PDA

View Full Version : Anecdotes


Luis
02-23-2001, 06:30 AM
I thought it was a nice idea to quote some anecdotes from B. Here’s a funny one that reveals B’s humor as well as other things...

Beethoven and prostitutes:
I’m quoting from Solomon:
“It was at about this time (1813-4) that the first in a series of lightly disguised references to prostitutes surfaced in Beethoven’s correspondence with Zmeskall. Apparently, their code word for prostitutes was festungen (fortresses). On February 28, 1813, Beethoven wrote: “Be zealous in defending the fortresses of the empire, which, as you know, lost their virginity a long time ago and have already received several assaults” Similarly, he wrote on other occasions, ”Enjoy life, but not voluptuously-Proprietor, Governor, Pasha of various rotten fortresses!!!”; (…) Keep away from rotten fortresses, for an attack from them is more deadly than one from well-preserved ones”
On another letter: “I thank you most heartily, my dear Z, for the information you have given me concerning the fortresses, for I thought you had the idea from me that I did not wish to stop in swampy places”; “Yes! and include me too, even if it’s at night” ; and more transparently: “I have seen nothing -I have heard nothing- Meanwhile, I am always ready for it. The time I prefer most of all is at about half-past three or four o’clock in the afternoon.”

Hope you liked it and post others!

Peter
02-23-2001, 04:55 PM
That's interesting - I don't possess the complete Beethoven letters, only a selection and that one certainly isn't among them !
Certainly shows Beethoven the man ! - Sort of thing that Schindler would have destroyed

------------------
'Man know thyself'

[This message has been edited by Peter (edited 02-23-2001).]

Rod
02-23-2001, 05:52 PM
Originally posted by Peter:
That's interesting - I don't possess the complete Beethoven letters, only a selection and that one certainly isn't among them !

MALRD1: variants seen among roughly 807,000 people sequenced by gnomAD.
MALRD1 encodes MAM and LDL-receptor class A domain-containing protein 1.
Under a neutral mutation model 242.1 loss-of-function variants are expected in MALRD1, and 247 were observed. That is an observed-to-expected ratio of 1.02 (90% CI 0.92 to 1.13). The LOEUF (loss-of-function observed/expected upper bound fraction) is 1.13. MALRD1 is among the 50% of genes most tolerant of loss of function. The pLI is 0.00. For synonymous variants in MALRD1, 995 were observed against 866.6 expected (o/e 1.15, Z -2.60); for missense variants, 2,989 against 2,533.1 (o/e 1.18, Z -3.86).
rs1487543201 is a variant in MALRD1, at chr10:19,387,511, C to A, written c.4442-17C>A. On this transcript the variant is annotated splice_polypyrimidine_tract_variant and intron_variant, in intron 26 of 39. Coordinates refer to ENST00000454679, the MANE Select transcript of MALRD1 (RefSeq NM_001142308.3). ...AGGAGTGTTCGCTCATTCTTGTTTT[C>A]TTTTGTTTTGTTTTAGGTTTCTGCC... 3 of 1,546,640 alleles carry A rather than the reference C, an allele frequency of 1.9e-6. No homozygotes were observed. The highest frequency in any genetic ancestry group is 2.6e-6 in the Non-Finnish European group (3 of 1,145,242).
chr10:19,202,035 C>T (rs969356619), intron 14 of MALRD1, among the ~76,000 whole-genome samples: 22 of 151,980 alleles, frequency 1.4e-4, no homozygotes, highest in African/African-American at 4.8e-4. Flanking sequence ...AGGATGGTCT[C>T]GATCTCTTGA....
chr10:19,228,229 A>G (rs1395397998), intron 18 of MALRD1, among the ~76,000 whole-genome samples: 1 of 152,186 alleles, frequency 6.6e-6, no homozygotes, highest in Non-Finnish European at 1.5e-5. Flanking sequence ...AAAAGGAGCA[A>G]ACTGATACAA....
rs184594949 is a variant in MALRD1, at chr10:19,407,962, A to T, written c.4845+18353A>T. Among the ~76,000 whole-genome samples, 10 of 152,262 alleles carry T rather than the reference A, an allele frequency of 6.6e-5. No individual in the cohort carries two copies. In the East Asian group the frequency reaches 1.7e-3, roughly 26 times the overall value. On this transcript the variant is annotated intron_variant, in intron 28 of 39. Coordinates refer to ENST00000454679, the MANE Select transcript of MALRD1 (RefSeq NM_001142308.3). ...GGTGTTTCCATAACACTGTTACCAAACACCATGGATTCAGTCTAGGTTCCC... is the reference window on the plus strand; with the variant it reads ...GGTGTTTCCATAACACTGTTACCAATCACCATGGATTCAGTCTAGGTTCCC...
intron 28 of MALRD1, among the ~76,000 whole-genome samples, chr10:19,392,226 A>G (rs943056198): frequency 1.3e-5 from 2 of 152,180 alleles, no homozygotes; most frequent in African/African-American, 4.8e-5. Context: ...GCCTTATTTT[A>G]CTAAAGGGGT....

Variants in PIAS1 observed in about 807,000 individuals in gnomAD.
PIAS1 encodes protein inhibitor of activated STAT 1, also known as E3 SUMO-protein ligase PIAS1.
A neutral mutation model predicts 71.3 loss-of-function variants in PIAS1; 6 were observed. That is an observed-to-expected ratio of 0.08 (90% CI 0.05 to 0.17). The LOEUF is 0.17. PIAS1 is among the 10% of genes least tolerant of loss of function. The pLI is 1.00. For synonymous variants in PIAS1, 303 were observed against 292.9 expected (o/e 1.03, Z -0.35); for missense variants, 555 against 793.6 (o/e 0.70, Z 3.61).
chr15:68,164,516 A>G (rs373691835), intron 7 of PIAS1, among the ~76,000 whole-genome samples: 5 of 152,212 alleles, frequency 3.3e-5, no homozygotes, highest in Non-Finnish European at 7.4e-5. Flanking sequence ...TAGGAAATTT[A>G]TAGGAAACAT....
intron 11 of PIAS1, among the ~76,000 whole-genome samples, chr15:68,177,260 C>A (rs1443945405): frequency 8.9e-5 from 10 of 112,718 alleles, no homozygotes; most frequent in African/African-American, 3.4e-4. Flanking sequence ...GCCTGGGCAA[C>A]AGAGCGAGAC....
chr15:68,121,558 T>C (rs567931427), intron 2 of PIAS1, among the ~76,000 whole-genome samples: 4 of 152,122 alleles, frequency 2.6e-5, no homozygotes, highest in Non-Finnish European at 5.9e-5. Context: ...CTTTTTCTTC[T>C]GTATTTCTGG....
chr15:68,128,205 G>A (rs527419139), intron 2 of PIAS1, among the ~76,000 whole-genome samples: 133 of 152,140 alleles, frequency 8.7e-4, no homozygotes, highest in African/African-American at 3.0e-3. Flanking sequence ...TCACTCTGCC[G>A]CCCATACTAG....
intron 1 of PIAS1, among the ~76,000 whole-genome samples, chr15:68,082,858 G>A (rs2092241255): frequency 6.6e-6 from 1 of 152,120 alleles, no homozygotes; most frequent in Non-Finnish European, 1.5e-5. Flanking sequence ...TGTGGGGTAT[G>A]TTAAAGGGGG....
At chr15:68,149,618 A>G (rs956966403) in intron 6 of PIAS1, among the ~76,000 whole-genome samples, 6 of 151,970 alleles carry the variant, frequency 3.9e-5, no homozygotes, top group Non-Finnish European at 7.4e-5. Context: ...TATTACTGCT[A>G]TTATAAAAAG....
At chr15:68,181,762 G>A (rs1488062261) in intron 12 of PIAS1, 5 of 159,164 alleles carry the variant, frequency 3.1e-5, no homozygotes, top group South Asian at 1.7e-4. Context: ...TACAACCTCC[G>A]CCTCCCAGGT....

Certainly shows Beethoven the man ! - Sort of thing that Schindler would have destroyed


I know of these letters. Why would Schindler want to destroy letters where Beethoven writes against using the services of prostitutes? The tone of the letter may be 'laddish' but the bones of it is utterly moral. The is plenty of negative remarks and incidents concerning Beethoven from various sources and situations in Schindler's 'Beethoven as I knew him'. For example, it is from Schindler alone that we learn about the massed demonstrations against the 'woman hater Beethoven' during the Karl court proceedings. S devotes a whole appendix to critisism from Weber alone! But Schindler always trusts the master's good judgement as the final word, in this I believe S to be sincere, regardless of the fact that in other areas he was operating to his own agenda.

------------------
"If I were but of noble birth..." - Rod Corkin

Peter
02-23-2001, 07:37 PM
Originally posted by Rod:
I know of these letters. Why would Schindler want to destroy letters where Beethoven writes against using the services of prostitutes?


Personally I think the tone of those letters is ambiguous (and I've no wish to enter into a Beethoven and prostitutes argument either as I couldn't care either way !) My point was really that Schindler destroyed much that would have been of value to scholars today for his own prudish reasons and I dare say he would have found those letters a bit near the mark.

------------------
'Man know thyself'

Rod
02-24-2001, 06:46 PM
Originally posted by Peter:
Personally I think the tone of those letters is ambiguous (and I've no wish to enter into a Beethoven and prostitutes argument either as I couldn't care either way !) My point was really that Schindler destroyed much that would have been of value to scholars today for his own prudish reasons and I dare say he would have found those letters a bit near the mark.


Well, I flicked through my copy of Schindler's book and he refers to Zmeskal on a number of occasions without the slightest hint of malice. In fact S recognises that Z is a loyal and true friend of Beethoven's throughout. In later years Schindler even delivered Z's letters to Beethoven by hand when Z was too ill to venture out of his house. Based on this I don't think that had S read these letters in question he would have destroyed them. Perhaps you are in the unenviable position of owing Schindler an appology?

------------------
"If I were but of noble birth..." - Rod Corkin

Peter
02-24-2001, 08:37 PM
Originally posted by Rod:
Well, I flicked through my copy of Schindler's book and he refers to Zmeskal on a number of occasions without the slightest hint of malice. In fact S recognises that Z is a loyal and true friend of Beethoven's throughout. In later years Schindler even delivered Z's letters to Beethoven by hand when Z was too ill to venture out of his house. Based on this I don't think that had S read these letters in question he would have destroyed them. Perhaps you are in the unenviable position of owing Schindler an appology?